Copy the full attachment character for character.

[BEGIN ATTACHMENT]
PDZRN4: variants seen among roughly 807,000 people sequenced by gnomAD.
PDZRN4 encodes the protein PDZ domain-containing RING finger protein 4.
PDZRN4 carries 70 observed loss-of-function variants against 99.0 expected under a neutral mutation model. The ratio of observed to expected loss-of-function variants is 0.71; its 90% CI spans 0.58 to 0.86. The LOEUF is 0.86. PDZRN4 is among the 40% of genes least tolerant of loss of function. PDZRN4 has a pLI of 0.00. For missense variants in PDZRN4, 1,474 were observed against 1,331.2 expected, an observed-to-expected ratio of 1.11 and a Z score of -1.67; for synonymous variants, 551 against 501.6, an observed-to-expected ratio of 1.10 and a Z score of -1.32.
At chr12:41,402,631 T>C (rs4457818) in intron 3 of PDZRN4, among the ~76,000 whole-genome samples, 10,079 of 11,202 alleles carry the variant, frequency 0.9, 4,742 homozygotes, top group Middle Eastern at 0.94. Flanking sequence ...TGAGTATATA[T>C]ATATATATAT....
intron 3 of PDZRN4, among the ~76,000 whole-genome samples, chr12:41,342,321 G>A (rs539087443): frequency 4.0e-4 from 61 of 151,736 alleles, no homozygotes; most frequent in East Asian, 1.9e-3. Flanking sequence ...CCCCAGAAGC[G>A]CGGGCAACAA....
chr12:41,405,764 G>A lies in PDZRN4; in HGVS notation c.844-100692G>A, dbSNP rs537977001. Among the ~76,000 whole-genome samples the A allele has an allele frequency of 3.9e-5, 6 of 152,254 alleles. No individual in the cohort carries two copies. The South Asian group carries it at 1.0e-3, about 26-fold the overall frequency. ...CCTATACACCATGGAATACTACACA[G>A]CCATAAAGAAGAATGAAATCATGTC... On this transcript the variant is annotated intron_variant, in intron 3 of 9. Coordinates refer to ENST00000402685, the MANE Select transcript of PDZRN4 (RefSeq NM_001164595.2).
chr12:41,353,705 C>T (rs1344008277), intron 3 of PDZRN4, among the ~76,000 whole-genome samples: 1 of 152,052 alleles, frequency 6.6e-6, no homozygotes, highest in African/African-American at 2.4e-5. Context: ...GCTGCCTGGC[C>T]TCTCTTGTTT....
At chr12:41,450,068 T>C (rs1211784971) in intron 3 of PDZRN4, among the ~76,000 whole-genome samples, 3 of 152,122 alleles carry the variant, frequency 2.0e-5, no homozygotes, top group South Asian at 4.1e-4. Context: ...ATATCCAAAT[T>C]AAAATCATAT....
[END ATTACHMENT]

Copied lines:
PDZRN4: variants seen among roughly 807,000 people sequenced by gnomAD.
PDZRN4 encodes the protein PDZ domain-containing RING finger protein 4.
PDZRN4 carries 70 observed loss-of-function variants against 99.0 expected under a neutral mutation model. The ratio of observed to expected loss-of-function variants is 0.71; its 90% CI spans 0.58 to 0.86. The LOEUF is 0.86. PDZRN4 is among the 40% of genes least tolerant of loss of function. PDZRN4 has a pLI of 0.00. For missense variants in PDZRN4, 1,474 were observed against 1,331.2 expected, an observed-to-expected ratio of 1.11 and a Z score of -1.67; for synonymous variants, 551 against 501.6, an observed-to-expected ratio of 1.10 and a Z score of -1.32.
At chr12:41,402,631 T>C (rs4457818) in intron 3 of PDZRN4, among the ~76,000 whole-genome samples, 10,079 of 11,202 alleles carry the variant, frequency 0.9, 4,742 homozygotes, top group Middle Eastern at 0.94. Flanking sequence ...TGAGTATATA[T>C]ATATATATAT....
intron 3 of PDZRN4, among the ~76,000 whole-genome samples, chr12:41,342,321 G>A (rs539087443): frequency 4.0e-4 from 61 of 151,736 alleles, no homozygotes; most frequent in East Asian, 1.9e-3. Flanking sequence ...CCCCAGAAGC[G>A]CGGGCAACAA....
chr12:41,405,764 G>A lies in PDZRN4; in HGVS notation c.844-100692G>A, dbSNP rs537977001. Among the ~76,000 whole-genome samples the A allele has an allele frequency of 3.9e-5, 6 of 152,254 alleles. No individual in the cohort carries two copies. The South Asian group carries it at 1.0e-3, about 26-fold the overall frequency. ...CCTATACACCATGGAATACTACACA[G>A]CCATAAAGAAGAATGAAATCATGTC... On this transcript the variant is annotated intron_variant, in intron 3 of 9. Coordinates refer to ENST00000402685, the MANE Select transcript of PDZRN4 (RefSeq NM_001164595.2).
chr12:41,353,705 C>T (rs1344008277), intron 3 of PDZRN4, among the ~76,000 whole-genome samples: 1 of 152,052 alleles, frequency 6.6e-6, no homozygotes, highest in African/African-American at 2.4e-5. Context: ...GCTGCCTGGC[C>T]TCTCTTGTTT....
At chr12:41,450,068 T>C (rs1211784971) in intron 3 of PDZRN4, among the ~76,000 whole-genome samples, 3 of 152,122 alleles carry the variant, frequency 2.0e-5, no homozygotes, top group South Asian at 4.1e-4. Context: ...ATATCCAAAT[T>C]AAAATCATAT....